Am Fam Physician. 1998 Nov 15;58(8):1882-1884.
Postmenopausal hormone replacement therapy (HRT) is known to reduce the incidence of both osteoporosis and hip fractures. However, many questions remain regarding the specific characteristics of HRT, such as the optimal dosage and duration of treatment, the influence of the patient's age when therapy is initiated or discontinued, and the effectiveness of alternative regimens of HRT. Michaëlsson and colleagues conducted a case-control study to assess the risk of hip fracture in patients receiving HRT. The study focused specifically on whether dosage and duration of therapy, route of administration and addition of progestins to the regimen have any influence on the incidence of hip fracture.
The authors used hospital discharge records to identify all female residents of six Swedish counties who were born after 1914 and treated for fractures of the proximal femur any time between 1993 and 1995. A total of 1,610 women were included in the study. Exclusion criteria included incorrect diagnosis, old fracture, blindness, birth outside of Sweden, a diagnosis of severe alcohol misuse, senile dementia or psychosis, death within three months of the fracture, or fracture attributable to severe trauma or malignancy. Data on demographics, reproductive history, use of HRT, dietary habits and smoking history were collected using a comprehensive questionnaire that was completed an average of 95 days after the fracture occurred. Hormone replacement therapy regimens were categorized by dosage. Dosages of 1 mg of estradiol, 0.325 mg of conjugated estrogens, 5 μg of ethinyl estradiol or 25 μg of transdermal estradiol were considered low-dose regimens. Higher amounts were classified as high-dose regimens. Each study patient was matched with two control subjects from the same county of residence.
Complete data were obtained from 1,328 (82.5 percent) of the study patients and 3,312 (81.6 percent) of the control subjects. Use of HRT was associated with a 6 percent (range: 3 to 9 percent) reduction in risk for hip fracture for every year of HRT, regardless of type. Current users of any type of HRT had a 9 percent (range: 5 to 13 percent) reduction in risk of hip fracture. For current users, regimens that combined estrogen and progestin provided the greatest reduction in risk (8 to 24 percent) compared with estrogen therapy alone (1 to 12 percent). In addition, current users of combination therapy experienced a substantial protective effect compared with those who had never received HRT. However, the benefit of combination therapy over estrogen therapy alone was less apparent among former users. The odds ratios showed a substantial net reduction in the risk of hip fracture. Current users of estrogen alone had an odds ratio of 0.48, and former users had an odds ratio of 0.76.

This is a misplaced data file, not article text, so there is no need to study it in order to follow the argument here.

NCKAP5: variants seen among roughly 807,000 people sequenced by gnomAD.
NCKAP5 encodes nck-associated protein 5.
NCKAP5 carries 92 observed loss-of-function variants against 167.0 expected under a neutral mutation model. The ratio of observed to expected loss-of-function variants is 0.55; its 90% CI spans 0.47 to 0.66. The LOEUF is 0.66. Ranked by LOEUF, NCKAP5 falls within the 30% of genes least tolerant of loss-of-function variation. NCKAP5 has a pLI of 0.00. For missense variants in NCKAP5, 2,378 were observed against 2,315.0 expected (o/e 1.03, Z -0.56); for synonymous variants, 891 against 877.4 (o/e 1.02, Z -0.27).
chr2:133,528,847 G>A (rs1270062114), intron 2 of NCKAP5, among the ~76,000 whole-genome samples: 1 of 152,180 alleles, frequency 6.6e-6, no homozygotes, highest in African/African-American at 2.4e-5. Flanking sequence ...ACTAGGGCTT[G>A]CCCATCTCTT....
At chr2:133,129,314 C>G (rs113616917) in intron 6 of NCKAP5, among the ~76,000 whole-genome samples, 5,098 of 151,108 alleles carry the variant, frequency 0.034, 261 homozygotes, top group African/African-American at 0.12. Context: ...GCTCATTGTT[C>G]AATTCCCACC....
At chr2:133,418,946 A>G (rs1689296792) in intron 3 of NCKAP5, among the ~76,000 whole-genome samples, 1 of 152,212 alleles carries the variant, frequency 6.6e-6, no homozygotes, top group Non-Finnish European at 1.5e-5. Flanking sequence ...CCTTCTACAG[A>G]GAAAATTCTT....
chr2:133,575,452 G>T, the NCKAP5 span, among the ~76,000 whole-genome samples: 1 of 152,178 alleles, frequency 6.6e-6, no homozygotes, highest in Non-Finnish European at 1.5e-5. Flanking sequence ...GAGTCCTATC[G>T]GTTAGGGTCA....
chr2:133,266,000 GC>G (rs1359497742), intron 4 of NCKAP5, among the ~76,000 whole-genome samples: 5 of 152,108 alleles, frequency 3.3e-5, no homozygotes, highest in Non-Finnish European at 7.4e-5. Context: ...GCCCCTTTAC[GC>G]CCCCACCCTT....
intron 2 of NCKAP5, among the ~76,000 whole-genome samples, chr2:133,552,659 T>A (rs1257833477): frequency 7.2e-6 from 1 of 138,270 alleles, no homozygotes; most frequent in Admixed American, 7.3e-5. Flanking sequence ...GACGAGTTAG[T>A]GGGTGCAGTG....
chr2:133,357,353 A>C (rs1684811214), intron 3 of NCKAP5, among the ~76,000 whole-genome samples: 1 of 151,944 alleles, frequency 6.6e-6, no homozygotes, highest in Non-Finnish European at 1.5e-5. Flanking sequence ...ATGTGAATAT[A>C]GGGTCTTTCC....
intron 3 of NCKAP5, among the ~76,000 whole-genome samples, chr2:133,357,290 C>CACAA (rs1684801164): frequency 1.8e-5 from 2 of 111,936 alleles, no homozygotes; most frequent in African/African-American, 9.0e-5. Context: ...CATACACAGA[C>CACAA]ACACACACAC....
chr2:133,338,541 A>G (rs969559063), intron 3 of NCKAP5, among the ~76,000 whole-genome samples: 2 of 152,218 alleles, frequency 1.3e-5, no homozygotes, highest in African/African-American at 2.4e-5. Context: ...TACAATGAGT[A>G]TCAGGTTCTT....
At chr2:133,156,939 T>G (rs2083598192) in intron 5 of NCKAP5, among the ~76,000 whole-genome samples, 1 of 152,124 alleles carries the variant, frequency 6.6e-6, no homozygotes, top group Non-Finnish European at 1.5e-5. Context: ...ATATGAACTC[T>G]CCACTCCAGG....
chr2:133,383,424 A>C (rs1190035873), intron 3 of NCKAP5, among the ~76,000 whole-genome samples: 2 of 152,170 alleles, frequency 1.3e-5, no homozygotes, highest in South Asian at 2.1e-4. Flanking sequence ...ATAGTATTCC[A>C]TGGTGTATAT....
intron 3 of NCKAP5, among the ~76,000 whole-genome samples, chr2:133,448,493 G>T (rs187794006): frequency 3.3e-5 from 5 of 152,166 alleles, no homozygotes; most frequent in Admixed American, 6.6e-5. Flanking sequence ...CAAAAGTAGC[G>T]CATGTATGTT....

Both oral and transdermal routes of administration appeared to be equally effective. Hormone replacement therapy that was started up to nine years after menopause provided the same protective effect in reduction of hip fracture as therapy started much sooner. However, this protective effect diminished when HRT was discontinued. After five years without HRT, the protective effect diminished by up to 48 percent.
The authors conclude that HRT provides substantial protection against hip fracture in women. Protection appears to be dosage-related and increases with duration of therapy. The minimally effective dosage of estrogen without progestin to prevent post-menopausal bone loss in most women is 2 mg of estradiol, 0.625 mg of conjugated estrogens or the equivalent daily. Initiating therapy several years after menopause is effective, but protection diminishes when therapy is discontinued.
Michaëlsson K, et al. Hormone replacement therapy and risk of hip fracture: a population based case-control study. BMJ. June 20, 1998;316:1858–63.
Copyright © 1998 by the American Academy of Family Physicians.
This content is owned by the AAFP. A person viewing it online may make one printout of the material and may use that printout only for his or her personal, non-commercial reference. This material may not otherwise be downloaded, copied, printed, stored, transmitted or reproduced in any medium, whether now known or later invented, except as authorized in writing by the AAFP. Contact firstname.lastname@example.org for copyright questions and/or permission requests.
Want to use this article elsewhere? Get Permissions